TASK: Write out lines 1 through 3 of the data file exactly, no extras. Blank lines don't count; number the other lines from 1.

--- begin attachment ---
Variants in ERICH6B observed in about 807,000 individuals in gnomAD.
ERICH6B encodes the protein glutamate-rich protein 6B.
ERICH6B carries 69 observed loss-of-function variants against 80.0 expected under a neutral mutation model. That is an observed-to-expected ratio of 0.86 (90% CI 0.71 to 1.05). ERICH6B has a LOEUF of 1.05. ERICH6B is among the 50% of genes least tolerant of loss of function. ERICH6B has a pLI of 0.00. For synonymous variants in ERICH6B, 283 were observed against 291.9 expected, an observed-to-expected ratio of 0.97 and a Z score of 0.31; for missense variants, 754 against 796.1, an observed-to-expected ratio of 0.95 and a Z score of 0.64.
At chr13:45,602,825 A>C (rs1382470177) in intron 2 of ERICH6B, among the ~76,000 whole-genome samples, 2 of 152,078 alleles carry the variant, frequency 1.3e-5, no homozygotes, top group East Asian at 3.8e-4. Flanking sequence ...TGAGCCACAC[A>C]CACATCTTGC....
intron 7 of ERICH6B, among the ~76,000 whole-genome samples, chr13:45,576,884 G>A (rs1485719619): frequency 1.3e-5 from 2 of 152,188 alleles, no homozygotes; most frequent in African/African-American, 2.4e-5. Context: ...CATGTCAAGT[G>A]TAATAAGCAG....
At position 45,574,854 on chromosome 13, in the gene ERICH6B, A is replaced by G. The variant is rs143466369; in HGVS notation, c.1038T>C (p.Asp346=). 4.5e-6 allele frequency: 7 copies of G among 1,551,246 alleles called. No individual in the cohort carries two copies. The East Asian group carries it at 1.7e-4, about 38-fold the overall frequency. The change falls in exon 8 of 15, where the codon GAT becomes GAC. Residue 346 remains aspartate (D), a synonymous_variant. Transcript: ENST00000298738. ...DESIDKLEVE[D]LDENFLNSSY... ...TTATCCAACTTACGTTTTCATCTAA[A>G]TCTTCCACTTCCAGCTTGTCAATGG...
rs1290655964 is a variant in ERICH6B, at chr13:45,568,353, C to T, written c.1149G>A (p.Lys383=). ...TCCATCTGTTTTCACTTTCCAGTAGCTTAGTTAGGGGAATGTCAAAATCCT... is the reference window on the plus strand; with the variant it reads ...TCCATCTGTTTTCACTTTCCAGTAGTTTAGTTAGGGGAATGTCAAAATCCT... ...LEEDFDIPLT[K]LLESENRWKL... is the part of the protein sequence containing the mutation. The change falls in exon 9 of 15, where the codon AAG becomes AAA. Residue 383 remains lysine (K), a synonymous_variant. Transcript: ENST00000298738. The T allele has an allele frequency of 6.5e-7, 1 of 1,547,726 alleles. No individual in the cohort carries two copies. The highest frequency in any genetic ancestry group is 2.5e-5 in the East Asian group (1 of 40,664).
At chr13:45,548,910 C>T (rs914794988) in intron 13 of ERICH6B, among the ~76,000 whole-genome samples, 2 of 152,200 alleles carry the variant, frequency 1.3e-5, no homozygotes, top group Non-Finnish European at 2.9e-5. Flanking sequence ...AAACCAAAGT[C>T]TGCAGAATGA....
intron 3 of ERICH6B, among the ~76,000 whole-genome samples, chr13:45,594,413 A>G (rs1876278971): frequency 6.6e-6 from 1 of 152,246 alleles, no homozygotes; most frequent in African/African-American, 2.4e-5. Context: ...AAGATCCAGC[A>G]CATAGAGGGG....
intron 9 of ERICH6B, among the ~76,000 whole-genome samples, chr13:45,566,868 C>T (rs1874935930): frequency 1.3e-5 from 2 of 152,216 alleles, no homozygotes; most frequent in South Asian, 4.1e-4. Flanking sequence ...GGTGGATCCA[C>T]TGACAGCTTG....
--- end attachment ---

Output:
Variants in ERICH6B observed in about 807,000 individuals in gnomAD.
ERICH6B encodes the protein glutamate-rich protein 6B.
ERICH6B carries 69 observed loss-of-function variants against 80.0 expected under a neutral mutation model. That is an observed-to-expected ratio of 0.86 (90% CI 0.71 to 1.05). ERICH6B has a LOEUF of 1.05. ERICH6B is among the 50% of genes least tolerant of loss of function. ERICH6B has a pLI of 0.00. For synonymous variants in ERICH6B, 283 were observed against 291.9 expected, an observed-to-expected ratio of 0.97 and a Z score of 0.31; for missense variants, 754 against 796.1, an observed-to-expected ratio of 0.95 and a Z score of 0.64.